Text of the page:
Who Is the Loneliest Person?

(Last Updated On: February 19, 2023)

Maybe you’re still reeling from watching happy couples on TV, Valentine’s Day, or you just saw a happy couple sitting across from you while you’re waiting for your coffee order to come in and it put you into a bad mood. If that’s the case you probably saw this question and thought “haha, I know that person. They are me.” We promise we can find someone lonelier, at least objectively. Not sure how to help with the endless abyss of feeling lonely though. Maybe snacks? Anyway, who is the loneliest person?

The Loneliest Place

When starting a search for the loneliest person, our instincts might first lead us to look for the most remote possible location. The Arctic? Deep under the ocean? 

As far as living underwater, the record for living consecutive days underwater was set in 2014, at 73 days. It was set by Bruce Cantrell and Jessica Fain, professors from Roane State Community College. They had each other though, so that doesn’t sound all that lonely. While not under water, one of the longest times someone was just in the ocean just at sea alone is around two years. In that case, the guy (Reid Stowe) had agency to end the voyage, which probably makes the lonely pill a little easier to swallow. 

As far as being stuck alone at sea, the record goes to José Salvador Alvarenga. He was a fisher and author stranded in the Pacific Ocean for some 438 days starting November 17, 2012. 

But what if we left Earth? How lonely does space get? Well, very. The most consecutive days spent alone in space is 437 days; this record was set by Valeri Polyakov between 1994 and 1995. The title of most isolated space-bound person often goes to Al Worden. He was on the Apollo 15 mission, and was in the command module when everyone else was on the Moon. As the command module orbited the Moon, this put Worden on the dark side of it (the Moon was in between himself and the Earth). This put him 2,235 miles from any other human being, and for three days Worden didn’t even have contact with Earth. You know, owing to the whole Moon being in the way. 

He has said he enjoyed the isolation, though: “On the backside of the Moon, I didn’t even have to talk to Houston and that was the best part of the flight.”

Solitary Confinement?

If you’re at all tuned into the horrible things humans do to each other, you might have been screaming “solitary confinement” at your screen for the last few hundred words.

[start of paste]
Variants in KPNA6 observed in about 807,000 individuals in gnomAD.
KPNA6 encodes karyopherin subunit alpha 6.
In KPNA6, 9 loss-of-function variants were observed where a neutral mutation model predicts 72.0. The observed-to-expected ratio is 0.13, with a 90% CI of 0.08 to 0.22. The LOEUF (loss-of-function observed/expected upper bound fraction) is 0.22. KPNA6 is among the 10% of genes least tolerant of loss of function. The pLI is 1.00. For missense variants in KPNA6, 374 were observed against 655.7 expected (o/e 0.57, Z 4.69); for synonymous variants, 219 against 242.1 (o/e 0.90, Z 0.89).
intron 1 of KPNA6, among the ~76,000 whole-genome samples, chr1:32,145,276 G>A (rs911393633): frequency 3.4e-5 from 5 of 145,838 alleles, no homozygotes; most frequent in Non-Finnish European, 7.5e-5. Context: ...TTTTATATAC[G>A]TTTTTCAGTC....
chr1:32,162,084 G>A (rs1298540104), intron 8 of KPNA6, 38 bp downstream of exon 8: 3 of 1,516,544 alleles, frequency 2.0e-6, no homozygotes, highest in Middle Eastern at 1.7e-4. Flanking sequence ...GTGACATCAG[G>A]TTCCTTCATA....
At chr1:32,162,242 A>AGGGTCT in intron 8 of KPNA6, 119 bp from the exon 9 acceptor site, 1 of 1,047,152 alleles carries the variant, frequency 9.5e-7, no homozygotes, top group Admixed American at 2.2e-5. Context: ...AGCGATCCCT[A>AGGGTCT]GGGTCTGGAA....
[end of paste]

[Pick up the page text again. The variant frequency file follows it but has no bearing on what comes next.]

Solitary confinement is a form of white torture. Bluntly, the point is to torture people without leaving any physical marks on them. It functions by depriving people of as many senses as possible. That’s why you’re stuck in a dark room and fed irregularly—you’re robbed even of the perception of time. 

The long term effects of solitary confinement are well-documented, leading not only to a plethora of psychological issues but an increased risk of chronic physical conditions as well. All that makes the continued use of it pretty appalling. It’s even more appalling when you remember that minorities are overrepresented here as well. 

It’s thought that the longest period of time a person has spent in solitary confinement pushes 44 years. Albert Woodfox was placed into solitary confinement in 1972, and spent 23 out of the 24 hours of every day for the next 43 years in a six-by-nine foot cell. When he wasn’t in his cell, he was busy being gassed or beaten. Woodfox was originally incarcerated in 1965 for armed robbery charges, and was later convicted for murder in 1972. While the conviction was overturned multiple times, Woodfox wouldn’t be released until 2016, bringing us to our pushing-44-years-of-solitary-confinement count. 

Uncontacted Peoples

Anyone reading this post is definitely super familiar with having access to technology, and the ability to contact another person almost at will. Around the world there are an estimated 10,000 indigenous peoples who remain completely uncontacted; they function independent from any government or political system. Something like a plane flying overhead would more or less be a completely foreign concept. The definition is a little less concrete than “literally never contacted anyone,” as colonization has broadly brought these people into contact with outside forces at some point. “Uncontacted peoples” refers to those without sustained contact with our more globalized entities. 

The vast majority of these people are found in South America, particularly Brazil. These tribes broadly remain in isolation voluntarily, which is why many legal protections exist to keep them so. Unfortunately this comes into conflict with our great desire to extract natural resources, because the nature of colonialism never changes. 

This brings us to “The Man of the Hole,” a Tanaru man who was the sole occupant of the Tanaru Indigenous Territory. He was the last remaining person of the Tanaru people, located in the Amazon Rainforest. Many of his people were killed by colonial settlers in the 1970s. By 1995, only seven members of his tribe (including The Man of the Hole) remained. In 1995, six of his people were killed by miners illegally entering the Amazon Rainforest, leaving The Man in the Hole the sole surviving member of his tribe. The Man in the Hole would survive at least one more attack by farmers in 2009, before passing away in the Summer of 2022. 


See if you know your lonely countries here.

About the Author:

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Kyler is a content writer at Sporcle living in Seattle, and is currently studying at the University of Washington School of Law. He's been writing for Sporcle since 2019; sometimes the blog is an excellent platform to answer random personal questions he has about the world. Most of his free time is spent drinking black coffee like water.

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